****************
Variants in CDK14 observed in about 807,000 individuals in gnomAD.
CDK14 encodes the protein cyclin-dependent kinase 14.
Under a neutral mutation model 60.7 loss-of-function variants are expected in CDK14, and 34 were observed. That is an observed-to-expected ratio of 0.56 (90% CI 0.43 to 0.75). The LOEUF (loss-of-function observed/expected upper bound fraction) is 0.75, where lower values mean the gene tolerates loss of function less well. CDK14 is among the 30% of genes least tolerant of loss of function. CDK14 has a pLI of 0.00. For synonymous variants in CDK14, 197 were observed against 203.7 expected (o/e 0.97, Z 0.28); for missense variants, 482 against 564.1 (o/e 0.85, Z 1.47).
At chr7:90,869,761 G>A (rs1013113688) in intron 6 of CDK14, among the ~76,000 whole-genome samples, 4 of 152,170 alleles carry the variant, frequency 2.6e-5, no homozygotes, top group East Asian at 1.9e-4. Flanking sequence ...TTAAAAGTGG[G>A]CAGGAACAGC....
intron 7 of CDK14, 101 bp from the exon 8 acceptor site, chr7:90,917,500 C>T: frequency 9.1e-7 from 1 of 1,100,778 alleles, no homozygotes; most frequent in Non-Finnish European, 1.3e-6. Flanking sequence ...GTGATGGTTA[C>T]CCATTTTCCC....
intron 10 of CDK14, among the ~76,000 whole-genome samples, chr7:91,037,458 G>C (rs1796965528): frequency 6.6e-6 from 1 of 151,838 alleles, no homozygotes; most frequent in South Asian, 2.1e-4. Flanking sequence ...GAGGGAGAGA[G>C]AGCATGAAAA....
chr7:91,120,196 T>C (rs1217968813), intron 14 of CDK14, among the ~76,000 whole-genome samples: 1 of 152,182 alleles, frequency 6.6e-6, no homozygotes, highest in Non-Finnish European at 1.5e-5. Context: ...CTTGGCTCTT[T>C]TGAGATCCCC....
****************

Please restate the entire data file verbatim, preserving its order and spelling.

Variants in CDK14 observed in about 807,000 individuals in gnomAD.
CDK14 encodes the protein cyclin-dependent kinase 14.
Under a neutral mutation model 60.7 loss-of-function variants are expected in CDK14, and 34 were observed. That is an observed-to-expected ratio of 0.56 (90% CI 0.43 to 0.75). The LOEUF (loss-of-function observed/expected upper bound fraction) is 0.75, where lower values mean the gene tolerates loss of function less well. CDK14 is among the 30% of genes least tolerant of loss of function. CDK14 has a pLI of 0.00. For synonymous variants in CDK14, 197 were observed against 203.7 expected (o/e 0.97, Z 0.28); for missense variants, 482 against 564.1 (o/e 0.85, Z 1.47).
At chr7:90,869,761 G>A (rs1013113688) in intron 6 of CDK14, among the ~76,000 whole-genome samples, 4 of 152,170 alleles carry the variant, frequency 2.6e-5, no homozygotes, top group East Asian at 1.9e-4. Flanking sequence ...TTAAAAGTGG[G>A]CAGGAACAGC....
intron 7 of CDK14, 101 bp from the exon 8 acceptor site, chr7:90,917,500 C>T: frequency 9.1e-7 from 1 of 1,100,778 alleles, no homozygotes; most frequent in Non-Finnish European, 1.3e-6. Flanking sequence ...GTGATGGTTA[C>T]CCATTTTCCC....
intron 10 of CDK14, among the ~76,000 whole-genome samples, chr7:91,037,458 G>C (rs1796965528): frequency 6.6e-6 from 1 of 151,838 alleles, no homozygotes; most frequent in South Asian, 2.1e-4. Flanking sequence ...GAGGGAGAGA[G>C]AGCATGAAAA....
chr7:91,120,196 T>C (rs1217968813), intron 14 of CDK14, among the ~76,000 whole-genome samples: 1 of 152,182 alleles, frequency 6.6e-6, no homozygotes, highest in Non-Finnish European at 1.5e-5. Context: ...CTTGGCTCTT[T>C]TGAGATCCCC....